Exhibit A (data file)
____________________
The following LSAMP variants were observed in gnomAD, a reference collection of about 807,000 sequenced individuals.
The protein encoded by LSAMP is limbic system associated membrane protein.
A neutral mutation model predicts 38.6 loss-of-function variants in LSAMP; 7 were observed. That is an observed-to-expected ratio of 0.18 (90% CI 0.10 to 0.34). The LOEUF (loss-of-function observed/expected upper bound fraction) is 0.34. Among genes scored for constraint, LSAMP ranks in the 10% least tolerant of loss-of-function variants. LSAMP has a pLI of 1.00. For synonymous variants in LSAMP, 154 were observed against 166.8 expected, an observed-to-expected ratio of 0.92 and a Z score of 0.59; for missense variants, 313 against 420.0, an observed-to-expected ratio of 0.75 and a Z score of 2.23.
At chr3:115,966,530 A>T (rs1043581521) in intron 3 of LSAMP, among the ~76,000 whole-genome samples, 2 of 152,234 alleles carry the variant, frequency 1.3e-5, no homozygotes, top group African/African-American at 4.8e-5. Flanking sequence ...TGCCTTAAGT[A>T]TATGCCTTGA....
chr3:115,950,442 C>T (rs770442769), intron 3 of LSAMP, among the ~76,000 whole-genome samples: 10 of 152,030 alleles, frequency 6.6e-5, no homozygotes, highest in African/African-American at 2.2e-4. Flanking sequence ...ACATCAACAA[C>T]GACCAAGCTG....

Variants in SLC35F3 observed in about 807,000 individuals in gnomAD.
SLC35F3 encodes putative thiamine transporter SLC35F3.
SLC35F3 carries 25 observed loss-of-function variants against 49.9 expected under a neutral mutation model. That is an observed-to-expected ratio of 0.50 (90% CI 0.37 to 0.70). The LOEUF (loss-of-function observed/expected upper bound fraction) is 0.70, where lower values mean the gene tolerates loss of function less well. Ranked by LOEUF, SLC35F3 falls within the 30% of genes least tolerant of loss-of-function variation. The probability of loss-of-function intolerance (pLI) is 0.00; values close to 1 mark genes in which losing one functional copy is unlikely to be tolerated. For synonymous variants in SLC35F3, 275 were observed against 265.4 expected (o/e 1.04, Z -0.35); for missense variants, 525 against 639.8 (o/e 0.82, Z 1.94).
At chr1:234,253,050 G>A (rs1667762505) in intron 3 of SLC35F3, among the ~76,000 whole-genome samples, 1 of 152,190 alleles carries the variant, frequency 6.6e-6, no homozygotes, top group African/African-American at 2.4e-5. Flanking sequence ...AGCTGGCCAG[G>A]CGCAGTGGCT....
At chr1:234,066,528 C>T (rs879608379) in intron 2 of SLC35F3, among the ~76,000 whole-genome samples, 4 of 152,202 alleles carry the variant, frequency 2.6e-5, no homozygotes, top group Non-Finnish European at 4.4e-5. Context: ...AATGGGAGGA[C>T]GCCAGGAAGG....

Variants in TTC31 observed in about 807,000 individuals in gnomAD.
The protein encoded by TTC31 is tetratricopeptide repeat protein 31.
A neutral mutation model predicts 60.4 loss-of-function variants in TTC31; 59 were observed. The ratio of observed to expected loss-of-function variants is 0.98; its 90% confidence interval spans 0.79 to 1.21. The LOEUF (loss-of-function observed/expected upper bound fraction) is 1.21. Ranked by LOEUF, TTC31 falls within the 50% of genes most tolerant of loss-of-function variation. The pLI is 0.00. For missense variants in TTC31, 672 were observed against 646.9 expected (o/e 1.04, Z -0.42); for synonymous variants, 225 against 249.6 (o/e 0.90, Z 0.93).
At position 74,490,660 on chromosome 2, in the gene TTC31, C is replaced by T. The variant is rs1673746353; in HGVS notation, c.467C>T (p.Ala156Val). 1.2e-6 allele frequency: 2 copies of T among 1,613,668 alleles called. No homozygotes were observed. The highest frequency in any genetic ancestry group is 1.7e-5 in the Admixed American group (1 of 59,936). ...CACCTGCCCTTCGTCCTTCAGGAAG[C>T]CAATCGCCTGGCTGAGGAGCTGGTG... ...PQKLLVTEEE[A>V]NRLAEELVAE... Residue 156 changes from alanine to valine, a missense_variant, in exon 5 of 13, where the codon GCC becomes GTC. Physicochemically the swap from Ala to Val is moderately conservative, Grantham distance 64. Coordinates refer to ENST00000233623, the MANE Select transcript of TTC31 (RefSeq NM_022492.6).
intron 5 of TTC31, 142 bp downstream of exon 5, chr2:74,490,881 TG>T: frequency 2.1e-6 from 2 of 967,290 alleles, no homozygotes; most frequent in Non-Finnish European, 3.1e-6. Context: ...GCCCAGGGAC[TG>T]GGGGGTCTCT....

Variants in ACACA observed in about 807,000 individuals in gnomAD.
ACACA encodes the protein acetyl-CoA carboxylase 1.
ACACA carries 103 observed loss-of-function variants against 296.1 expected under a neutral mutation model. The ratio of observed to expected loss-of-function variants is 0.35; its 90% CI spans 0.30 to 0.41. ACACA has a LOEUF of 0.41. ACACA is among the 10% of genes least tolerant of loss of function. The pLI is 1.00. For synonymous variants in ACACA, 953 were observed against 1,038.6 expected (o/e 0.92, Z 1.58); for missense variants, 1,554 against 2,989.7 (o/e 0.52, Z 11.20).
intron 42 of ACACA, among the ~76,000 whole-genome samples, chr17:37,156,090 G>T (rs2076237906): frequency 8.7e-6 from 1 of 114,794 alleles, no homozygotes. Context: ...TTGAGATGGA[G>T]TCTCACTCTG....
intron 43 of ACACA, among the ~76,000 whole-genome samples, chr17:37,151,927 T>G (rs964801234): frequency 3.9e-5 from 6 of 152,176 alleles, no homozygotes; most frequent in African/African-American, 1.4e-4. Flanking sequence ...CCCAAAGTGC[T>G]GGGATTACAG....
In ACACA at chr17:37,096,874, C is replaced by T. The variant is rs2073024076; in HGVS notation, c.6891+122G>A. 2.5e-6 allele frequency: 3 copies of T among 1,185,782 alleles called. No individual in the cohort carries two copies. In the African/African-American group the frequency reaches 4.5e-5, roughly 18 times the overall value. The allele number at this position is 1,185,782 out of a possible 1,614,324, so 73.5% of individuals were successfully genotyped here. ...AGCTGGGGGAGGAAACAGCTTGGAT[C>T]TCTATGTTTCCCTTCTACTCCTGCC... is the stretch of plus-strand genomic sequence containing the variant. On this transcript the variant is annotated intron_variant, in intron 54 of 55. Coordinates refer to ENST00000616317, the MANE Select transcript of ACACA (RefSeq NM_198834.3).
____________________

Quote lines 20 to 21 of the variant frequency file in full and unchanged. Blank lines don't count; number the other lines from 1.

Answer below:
intron 43 of ACACA, among the ~76,000 whole-genome samples, chr17:37,151,927 T>G (rs964801234): frequency 3.9e-5 from 6 of 152,176 alleles, no homozygotes; most frequent in African/African-American, 1.4e-4. Flanking sequence ...CCCAAAGTGC[T>G]GGGATTACAG....
In ACACA at chr17:37,096,874, C is replaced by T. The variant is rs2073024076; in HGVS notation, c.6891+122G>A. 2.5e-6 allele frequency: 3 copies of T among 1,185,782 alleles called. No individual in the cohort carries two copies. In the African/African-American group the frequency reaches 4.5e-5, roughly 18 times the overall value. The allele number at this position is 1,185,782 out of a possible 1,614,324, so 73.5% of individuals were successfully genotyped here. ...AGCTGGGGGAGGAAACAGCTTGGAT[C>T]TCTATGTTTCCCTTCTACTCCTGCC... is the stretch of plus-strand genomic sequence containing the variant. On this transcript the variant is annotated intron_variant, in intron 54 of 55. Coordinates refer to ENST00000616317, the MANE Select transcript of ACACA (RefSeq NM_198834.3).